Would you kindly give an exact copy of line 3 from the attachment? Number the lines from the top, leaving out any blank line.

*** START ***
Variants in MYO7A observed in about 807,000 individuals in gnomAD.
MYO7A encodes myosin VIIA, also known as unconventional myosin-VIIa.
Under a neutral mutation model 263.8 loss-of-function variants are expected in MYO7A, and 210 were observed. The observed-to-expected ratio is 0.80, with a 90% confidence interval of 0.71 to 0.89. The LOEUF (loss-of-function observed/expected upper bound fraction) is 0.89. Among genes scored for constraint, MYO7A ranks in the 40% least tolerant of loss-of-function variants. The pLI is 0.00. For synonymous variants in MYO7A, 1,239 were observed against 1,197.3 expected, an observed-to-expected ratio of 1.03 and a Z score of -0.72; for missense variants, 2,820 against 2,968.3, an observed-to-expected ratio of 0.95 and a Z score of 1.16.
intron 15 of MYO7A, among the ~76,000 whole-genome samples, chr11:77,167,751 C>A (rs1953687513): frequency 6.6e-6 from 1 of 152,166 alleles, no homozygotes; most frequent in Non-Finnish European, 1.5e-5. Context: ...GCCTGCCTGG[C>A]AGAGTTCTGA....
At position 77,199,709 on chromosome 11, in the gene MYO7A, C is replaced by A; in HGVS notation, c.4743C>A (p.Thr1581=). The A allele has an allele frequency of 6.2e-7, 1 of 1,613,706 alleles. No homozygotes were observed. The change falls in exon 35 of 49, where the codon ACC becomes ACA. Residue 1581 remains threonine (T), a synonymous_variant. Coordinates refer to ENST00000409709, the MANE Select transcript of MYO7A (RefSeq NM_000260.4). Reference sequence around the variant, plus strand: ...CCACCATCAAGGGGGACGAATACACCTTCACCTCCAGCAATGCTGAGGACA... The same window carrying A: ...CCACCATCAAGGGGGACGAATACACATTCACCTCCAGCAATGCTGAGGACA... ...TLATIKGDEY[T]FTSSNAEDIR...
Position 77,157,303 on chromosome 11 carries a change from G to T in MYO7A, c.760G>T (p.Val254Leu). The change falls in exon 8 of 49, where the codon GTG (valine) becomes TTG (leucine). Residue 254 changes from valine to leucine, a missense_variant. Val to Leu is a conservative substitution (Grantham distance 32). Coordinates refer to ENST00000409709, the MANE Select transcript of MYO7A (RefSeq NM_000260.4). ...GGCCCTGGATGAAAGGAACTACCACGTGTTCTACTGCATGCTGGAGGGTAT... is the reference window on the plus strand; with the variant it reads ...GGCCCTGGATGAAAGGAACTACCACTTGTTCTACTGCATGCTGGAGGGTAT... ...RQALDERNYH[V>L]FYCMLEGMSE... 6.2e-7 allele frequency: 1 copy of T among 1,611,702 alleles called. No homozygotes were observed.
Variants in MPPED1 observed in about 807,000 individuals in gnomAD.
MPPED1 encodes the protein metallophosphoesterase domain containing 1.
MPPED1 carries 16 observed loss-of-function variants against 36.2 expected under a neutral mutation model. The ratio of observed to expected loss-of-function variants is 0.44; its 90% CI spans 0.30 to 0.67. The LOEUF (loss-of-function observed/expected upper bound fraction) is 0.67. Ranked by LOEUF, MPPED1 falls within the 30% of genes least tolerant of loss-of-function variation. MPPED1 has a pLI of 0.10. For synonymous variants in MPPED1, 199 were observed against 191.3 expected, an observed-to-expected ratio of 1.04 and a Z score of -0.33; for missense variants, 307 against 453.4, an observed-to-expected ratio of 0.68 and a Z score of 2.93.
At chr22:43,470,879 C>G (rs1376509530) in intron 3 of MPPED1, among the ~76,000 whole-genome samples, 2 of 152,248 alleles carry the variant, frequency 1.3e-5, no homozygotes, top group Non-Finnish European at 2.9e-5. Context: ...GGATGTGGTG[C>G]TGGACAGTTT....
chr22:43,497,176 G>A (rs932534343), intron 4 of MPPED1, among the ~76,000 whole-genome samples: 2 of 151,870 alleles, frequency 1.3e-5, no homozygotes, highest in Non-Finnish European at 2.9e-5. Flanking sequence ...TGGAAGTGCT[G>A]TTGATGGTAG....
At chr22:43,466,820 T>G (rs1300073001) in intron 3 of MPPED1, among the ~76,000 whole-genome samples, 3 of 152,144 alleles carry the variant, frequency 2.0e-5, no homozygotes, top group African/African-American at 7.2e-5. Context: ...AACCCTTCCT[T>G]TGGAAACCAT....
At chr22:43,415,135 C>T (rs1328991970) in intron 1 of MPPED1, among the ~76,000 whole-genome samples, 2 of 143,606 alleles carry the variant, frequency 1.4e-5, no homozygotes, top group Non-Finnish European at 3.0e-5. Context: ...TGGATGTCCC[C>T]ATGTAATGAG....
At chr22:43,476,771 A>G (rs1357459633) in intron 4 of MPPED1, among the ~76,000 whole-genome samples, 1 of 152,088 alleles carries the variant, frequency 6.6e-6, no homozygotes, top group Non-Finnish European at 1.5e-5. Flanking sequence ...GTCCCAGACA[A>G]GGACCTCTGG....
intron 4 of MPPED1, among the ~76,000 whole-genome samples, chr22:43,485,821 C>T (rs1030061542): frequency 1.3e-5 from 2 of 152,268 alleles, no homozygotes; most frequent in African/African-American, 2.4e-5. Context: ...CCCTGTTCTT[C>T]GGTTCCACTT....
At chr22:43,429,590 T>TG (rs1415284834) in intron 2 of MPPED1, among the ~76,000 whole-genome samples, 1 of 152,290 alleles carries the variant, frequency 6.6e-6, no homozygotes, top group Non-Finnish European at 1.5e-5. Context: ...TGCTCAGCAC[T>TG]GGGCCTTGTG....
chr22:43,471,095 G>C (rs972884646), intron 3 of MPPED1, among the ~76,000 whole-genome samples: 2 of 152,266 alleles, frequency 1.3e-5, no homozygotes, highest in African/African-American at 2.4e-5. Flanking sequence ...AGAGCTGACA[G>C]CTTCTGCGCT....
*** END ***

Under a neutral mutation model 263.8 loss-of-function variants are expected in MYO7A, and 210 were observed. The observed-to-expected ratio is 0.80, with a 90% confidence interval of 0.71 to 0.89. The LOEUF (loss-of-function observed/expected upper bound fraction) is 0.89. Among genes scored for constraint, MYO7A ranks in the 40% least tolerant of loss-of-function variants. The pLI is 0.00. For synonymous variants in MYO7A, 1,239 were observed against 1,197.3 expected, an observed-to-expected ratio of 1.03 and a Z score of -0.72; for missense variants, 2,820 against 2,968.3, an observed-to-expected ratio of 0.95 and a Z score of 1.16.